Private equity continues love affair with hotels6 Sep, 2013 By: David Eisen
Forbes today asks: What do private equity firms love so much about the hotel industry? Forbes cites Hilton Worldwide and Motel 6, among other companies owned by PE firms. (Though if recent news is any indication, Hilton may not fall into this group for long.)
The players: Blackstone Group, Apollo Global Management, Starwood Capital and Oaktree Capital Management are among some of the biggest buyers of the last decade, the story states. Here's the reality: U.S. hotel transactions are still far off their 2007 peak, when hotel transactions totalled $47 billion. Compare that to 2012, when hotel transaction volume reached $16.3 billion. You do the math!
Fact is, though real estate investment trusts are steadily making acquisitions, it's private equity that is prevailing. Forbes writes: "Ten years ago, among the top 10 largest hotel owners, private equity firms owned 12 percent of hotel rooms while REITs owned 67 percent of rooms. Today PE firms own 59 percent, while REITs have scaled back owning 33 percent of hotel rooms in 2013.
"Private equity firms have been the largest and most acquisitive group of hotel buyers in the U.S. thus far in 2013, accounting for a buyer share of 37 percent," Lauro Ferroni, director of hotels research at Jones Lang LaSalle in Chicago, told Forbes. “They’re nimble and can put a deal together quickly.”
No doubt Blackstone wears the crown, owning such well-known hotel companies as the aforementioned Hilton, La Quinta Inns & Suites and Extended Stay America. In July it filed to take ESA public.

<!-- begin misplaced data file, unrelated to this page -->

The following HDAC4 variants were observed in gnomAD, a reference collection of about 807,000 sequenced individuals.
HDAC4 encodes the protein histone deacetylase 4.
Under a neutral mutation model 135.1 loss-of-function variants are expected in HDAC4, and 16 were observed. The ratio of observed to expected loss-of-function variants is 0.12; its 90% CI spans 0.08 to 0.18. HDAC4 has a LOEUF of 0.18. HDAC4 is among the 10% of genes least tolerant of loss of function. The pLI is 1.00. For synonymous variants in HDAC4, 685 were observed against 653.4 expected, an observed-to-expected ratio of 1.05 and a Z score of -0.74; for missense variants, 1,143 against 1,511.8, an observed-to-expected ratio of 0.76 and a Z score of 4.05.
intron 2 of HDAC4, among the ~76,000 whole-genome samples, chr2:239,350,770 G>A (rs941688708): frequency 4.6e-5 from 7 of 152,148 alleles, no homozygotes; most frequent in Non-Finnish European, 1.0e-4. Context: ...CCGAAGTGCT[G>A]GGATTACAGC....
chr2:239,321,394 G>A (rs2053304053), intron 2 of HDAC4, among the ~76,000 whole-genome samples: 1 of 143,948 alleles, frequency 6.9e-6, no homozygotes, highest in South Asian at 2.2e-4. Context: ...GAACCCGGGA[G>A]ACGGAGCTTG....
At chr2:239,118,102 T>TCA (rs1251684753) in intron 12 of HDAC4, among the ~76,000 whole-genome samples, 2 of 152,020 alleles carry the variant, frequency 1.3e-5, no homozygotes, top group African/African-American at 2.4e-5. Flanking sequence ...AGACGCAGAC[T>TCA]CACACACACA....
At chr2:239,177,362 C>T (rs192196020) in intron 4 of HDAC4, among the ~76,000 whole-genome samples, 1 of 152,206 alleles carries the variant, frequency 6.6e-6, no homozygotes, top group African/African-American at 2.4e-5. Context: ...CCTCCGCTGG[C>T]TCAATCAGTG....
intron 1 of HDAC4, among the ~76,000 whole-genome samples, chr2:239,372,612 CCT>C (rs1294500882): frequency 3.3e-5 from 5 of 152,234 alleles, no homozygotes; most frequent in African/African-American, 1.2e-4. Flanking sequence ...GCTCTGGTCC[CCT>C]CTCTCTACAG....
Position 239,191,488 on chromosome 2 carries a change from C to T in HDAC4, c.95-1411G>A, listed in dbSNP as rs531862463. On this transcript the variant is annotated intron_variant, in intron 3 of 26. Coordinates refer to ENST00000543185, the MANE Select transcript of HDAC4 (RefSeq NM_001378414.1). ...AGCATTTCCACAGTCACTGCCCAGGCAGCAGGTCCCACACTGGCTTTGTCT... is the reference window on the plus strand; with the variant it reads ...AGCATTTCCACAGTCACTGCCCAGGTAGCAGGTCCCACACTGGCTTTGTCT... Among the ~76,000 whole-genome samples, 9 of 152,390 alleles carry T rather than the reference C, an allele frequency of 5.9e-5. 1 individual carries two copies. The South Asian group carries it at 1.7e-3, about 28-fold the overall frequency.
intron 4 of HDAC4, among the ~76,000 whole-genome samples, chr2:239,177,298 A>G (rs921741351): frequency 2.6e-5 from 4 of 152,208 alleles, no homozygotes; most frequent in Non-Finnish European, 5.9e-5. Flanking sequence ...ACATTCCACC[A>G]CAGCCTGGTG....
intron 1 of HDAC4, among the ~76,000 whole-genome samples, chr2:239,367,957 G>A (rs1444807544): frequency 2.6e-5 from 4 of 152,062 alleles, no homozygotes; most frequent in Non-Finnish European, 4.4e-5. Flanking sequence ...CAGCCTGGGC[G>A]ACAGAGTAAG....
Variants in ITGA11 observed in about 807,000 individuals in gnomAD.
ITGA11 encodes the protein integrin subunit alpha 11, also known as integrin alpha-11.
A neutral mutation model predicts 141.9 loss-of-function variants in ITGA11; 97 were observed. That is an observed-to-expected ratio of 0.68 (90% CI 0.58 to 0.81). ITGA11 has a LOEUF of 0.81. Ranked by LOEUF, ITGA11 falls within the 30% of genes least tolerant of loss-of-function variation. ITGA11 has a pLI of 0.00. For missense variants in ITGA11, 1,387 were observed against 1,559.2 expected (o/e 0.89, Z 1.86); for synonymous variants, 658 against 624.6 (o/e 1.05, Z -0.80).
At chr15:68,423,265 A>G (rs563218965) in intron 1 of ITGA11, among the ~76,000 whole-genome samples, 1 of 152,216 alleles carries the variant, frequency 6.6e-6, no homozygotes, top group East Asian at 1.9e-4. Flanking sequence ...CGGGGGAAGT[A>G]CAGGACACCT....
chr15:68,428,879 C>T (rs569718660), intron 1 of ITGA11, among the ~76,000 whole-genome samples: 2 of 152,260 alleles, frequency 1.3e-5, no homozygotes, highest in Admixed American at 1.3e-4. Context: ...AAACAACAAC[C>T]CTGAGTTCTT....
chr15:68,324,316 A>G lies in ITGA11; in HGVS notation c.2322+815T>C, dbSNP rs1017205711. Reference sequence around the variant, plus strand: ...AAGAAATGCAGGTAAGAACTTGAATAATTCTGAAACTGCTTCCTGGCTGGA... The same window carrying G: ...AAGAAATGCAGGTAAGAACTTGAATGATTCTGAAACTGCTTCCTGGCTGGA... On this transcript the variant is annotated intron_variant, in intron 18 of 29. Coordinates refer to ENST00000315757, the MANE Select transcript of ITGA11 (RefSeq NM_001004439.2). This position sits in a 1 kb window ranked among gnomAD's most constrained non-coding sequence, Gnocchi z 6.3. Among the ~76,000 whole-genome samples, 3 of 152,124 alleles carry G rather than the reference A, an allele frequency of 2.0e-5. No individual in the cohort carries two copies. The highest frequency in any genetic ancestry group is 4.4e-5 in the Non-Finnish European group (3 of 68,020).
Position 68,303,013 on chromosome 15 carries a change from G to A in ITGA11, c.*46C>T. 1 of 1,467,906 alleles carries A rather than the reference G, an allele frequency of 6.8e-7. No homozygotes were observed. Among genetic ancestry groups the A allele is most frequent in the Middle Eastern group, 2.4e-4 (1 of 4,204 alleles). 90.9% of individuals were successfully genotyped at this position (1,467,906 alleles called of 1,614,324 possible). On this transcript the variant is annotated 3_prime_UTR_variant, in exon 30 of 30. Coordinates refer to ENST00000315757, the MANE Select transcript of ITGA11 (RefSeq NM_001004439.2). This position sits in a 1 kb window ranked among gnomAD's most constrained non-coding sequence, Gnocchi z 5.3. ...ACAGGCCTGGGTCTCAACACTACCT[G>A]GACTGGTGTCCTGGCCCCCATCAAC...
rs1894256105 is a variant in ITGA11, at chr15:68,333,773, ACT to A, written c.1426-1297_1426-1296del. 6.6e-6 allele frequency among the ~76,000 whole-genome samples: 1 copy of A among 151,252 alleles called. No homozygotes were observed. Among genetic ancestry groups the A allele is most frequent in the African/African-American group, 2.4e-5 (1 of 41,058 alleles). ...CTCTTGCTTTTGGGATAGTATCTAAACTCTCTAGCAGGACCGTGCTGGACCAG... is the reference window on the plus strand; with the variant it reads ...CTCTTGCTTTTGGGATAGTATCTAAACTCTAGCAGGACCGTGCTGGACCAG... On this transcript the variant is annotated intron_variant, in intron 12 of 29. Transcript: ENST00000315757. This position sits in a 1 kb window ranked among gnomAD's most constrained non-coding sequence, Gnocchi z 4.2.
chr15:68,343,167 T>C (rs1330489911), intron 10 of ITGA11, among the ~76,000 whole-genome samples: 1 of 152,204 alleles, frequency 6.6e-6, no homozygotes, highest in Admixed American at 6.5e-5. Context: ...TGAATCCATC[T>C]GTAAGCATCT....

Blackstone's biggest move should come later this year when it’s expected to take Hilton public. It bought the hotel company before the recession for $26 billion plus debt.
Blackstone isn't the only whale. Apollo acquired Great Wolf Resorts in a deal worth $740 million in 2012. Oaktree made a one-off deal when it picked up the Fairmont San Francisco for $200 million in May 2012. Meanwhile, there was Apollo and TPG’s $27-billion purchase of Harrah’s Entertainment in 2006.
So, as Forbes asks, "Why all the private equity love for hotels?" The answer: Compared with REITs, "private-equity firms have more buying power and risk tolerance in volatile environments. They also like that they can be hands-on as hotel owners and can revamp operations."
And their acquisitions are paying dividends, in part due to a robust operating environment, where there still remains a dearth of new supply, which is allowing operators to step on the rate pedal. The long-term average for annual hotel room supply is about 2 percent. In 2011, supply increased just .5 percent; in 2012, the number was .2 percent.
Topic : Private-Equity Firms, REITs
External Source : Forbes, Hotel Management
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